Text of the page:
On November 9, 2016, the album's second half and unused bonus tracks were made available for streaming and downloading on Wikipedia and MediaFire respectively.[17][18]


In a 2016 interview with the Red Bull Music Academy, Warmsley cited the 'downtown music' of Philip Glass, Steve Reich and Laurie Anderson, along with some of his contemporary collaborators including Juliana Huxtable and Chino Amobi as major influences on the cultural meaning of the album.[19][20] Michael Cretu's "Return to Innocence" and MCMXC a.D., along with other new age releases were used as sonic markers by Warmsley and producer Al Carlson during the mixing process.[21] Yanni's "One Man's Dream" and Moby's "When It's Cold I'd Like to Die" from his 1995 album Everything Is Wrong were also cited. The English cross-genre experimental group Coil was also noted as being a heavy influence on the early 2015 recording sessions. French composer Erik Satie's concept of "furniture music" inspired both the piano played at the end of the first single "46:50", and the release of limited-edition yoga/meditation mats that accompanied the announcement of the album.[citation needed]

Critical reception[edit]

Professional ratings
Review scores
Tiny Mix Tapes[24]
The Drainage8.4/10[25]

Successor has received generally positive reviews from music critics. Paul Simpson of AllMusic gave the album 4 out of 5 stars, saying that the album is "a chilly, bracing examination of fear and hope, and it's easily the producer's most ambitious work yet."[22] Thea Ballard of Pitchfork also gave the album a good review, commenting that the album "is marked by the productive discomfort that accompanies such unabashed intensity. Whereas American Zen maintained a temperate pace, $uccessor isn’t afraid to crescendo or screech to a halt."[23]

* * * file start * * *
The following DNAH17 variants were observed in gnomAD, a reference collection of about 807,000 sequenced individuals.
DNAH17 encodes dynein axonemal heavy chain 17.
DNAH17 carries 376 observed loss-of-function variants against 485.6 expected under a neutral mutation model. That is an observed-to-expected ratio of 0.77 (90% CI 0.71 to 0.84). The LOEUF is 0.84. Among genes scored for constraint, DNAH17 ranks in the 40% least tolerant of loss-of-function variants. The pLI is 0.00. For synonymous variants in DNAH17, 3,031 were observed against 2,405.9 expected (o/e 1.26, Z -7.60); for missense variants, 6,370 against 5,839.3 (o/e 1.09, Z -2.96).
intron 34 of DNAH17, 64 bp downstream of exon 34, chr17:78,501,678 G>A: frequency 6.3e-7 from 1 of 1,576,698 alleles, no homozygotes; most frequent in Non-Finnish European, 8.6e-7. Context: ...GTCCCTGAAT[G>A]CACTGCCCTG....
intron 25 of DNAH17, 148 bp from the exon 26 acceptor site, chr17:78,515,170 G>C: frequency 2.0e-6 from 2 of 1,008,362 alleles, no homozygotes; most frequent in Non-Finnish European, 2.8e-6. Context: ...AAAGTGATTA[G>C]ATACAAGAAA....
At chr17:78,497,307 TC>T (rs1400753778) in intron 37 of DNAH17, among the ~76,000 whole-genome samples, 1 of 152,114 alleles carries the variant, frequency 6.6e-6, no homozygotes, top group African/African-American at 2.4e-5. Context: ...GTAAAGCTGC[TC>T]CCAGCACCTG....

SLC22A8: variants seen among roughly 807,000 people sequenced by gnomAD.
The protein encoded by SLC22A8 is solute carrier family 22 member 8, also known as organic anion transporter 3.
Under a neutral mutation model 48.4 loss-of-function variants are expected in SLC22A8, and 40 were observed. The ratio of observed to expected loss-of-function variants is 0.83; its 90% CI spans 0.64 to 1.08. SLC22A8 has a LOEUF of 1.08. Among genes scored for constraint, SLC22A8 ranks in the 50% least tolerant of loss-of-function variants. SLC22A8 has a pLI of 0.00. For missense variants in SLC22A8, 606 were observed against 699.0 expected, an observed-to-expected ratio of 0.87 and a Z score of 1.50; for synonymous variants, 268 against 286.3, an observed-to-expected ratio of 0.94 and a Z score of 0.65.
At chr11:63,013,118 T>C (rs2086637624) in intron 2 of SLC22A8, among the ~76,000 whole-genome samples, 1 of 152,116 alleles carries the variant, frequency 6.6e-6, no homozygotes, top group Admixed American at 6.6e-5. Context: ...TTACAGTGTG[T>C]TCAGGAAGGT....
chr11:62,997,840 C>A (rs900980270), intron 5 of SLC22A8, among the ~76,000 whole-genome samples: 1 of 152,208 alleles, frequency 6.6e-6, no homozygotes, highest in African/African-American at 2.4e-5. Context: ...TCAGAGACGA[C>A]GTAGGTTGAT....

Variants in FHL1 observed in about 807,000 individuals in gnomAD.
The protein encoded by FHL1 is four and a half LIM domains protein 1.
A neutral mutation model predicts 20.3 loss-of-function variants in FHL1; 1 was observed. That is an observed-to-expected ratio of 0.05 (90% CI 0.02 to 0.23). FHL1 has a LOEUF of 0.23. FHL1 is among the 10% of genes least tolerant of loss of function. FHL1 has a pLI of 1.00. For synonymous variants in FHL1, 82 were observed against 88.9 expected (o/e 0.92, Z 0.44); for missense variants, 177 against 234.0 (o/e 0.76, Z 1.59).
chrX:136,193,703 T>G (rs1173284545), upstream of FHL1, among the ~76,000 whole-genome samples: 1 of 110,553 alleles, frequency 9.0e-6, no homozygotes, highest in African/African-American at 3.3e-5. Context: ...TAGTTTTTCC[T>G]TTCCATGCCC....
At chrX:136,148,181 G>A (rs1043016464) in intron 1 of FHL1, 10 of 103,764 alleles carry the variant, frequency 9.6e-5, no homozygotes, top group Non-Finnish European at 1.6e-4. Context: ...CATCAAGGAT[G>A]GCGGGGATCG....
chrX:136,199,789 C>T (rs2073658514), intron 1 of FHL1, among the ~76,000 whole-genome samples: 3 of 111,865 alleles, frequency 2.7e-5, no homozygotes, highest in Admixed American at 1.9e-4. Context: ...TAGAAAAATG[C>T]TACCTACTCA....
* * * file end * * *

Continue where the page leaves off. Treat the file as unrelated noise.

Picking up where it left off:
Will Neibergall of Tiny Mix Tapes gave the album 4-and-a-half out of 5 stars, stating: "Not quite abstraction and note quite representation, $uccessor is marked by its persistent attendance of texture and relationship in sound, placing them high above rhythm and melody."[24] Emory Michael of The Drainage gave the album a positive review, but showed skepticism over the album "hovering between several different genres", which he said is "good because it shows off Warmsley's taste and creative dexterity, and bad because, well, this album is bound to be perceived as a 'what the fuck is going on' Eric Andre Show set."[25]


Publication Accolade Year Rank
Pitchfork The 20 Best Experimental Albums of 2016 2016
Tiny Mix Tapes Favourite 50 Music Releases
The Vinyl Factory The 50 Best Albums of 2016

Track listing[edit]

Side A
1."Descend from Now"
3."Conversation with Angels"
4."Fear in Reverse"Warmsley4:26
Total length:19:56
Side B
  • Warmsley
  • Angelo Valerio
  • Eric Burton
  • Warmsley
  • Carlson
Total length:21:00
Bonus tracks
2."In a Room"5:45
3."Ayahuasca binary 010"4:32



  1. ^ "Freak styler: Pro Era beatmaker Lee Bannon on Joey Bada$$, Burial and bringing Jungle to the rap kids". Fact. June 4, 2013. Retrieved November 6, 2016.
  2. ^ "Lee Bannon - "NW/WB"". Complex. June 25, 2013. Retrieved November 6, 2016.